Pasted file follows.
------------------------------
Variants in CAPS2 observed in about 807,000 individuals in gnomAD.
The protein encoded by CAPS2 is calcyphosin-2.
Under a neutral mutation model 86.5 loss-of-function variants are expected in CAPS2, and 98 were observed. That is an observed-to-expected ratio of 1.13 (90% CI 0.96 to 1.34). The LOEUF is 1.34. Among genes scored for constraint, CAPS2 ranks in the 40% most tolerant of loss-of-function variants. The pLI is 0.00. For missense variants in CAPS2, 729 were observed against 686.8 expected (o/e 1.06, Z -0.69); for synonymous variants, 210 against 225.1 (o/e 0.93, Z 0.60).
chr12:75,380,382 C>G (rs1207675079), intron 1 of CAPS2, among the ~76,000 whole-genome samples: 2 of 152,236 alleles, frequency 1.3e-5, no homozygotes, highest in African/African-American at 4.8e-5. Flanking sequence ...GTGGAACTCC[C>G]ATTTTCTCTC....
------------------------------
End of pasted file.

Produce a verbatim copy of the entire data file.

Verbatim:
Variants in CAPS2 observed in about 807,000 individuals in gnomAD.
The protein encoded by CAPS2 is calcyphosin-2.
Under a neutral mutation model 86.5 loss-of-function variants are expected in CAPS2, and 98 were observed. That is an observed-to-expected ratio of 1.13 (90% CI 0.96 to 1.34). The LOEUF is 1.34. Among genes scored for constraint, CAPS2 ranks in the 40% most tolerant of loss-of-function variants. The pLI is 0.00. For missense variants in CAPS2, 729 were observed against 686.8 expected (o/e 1.06, Z -0.69); for synonymous variants, 210 against 225.1 (o/e 0.93, Z 0.60).
chr12:75,380,382 C>G (rs1207675079), intron 1 of CAPS2, among the ~76,000 whole-genome samples: 2 of 152,236 alleles, frequency 1.3e-5, no homozygotes, highest in African/African-American at 4.8e-5. Flanking sequence ...GTGGAACTCC[C>G]ATTTTCTCTC....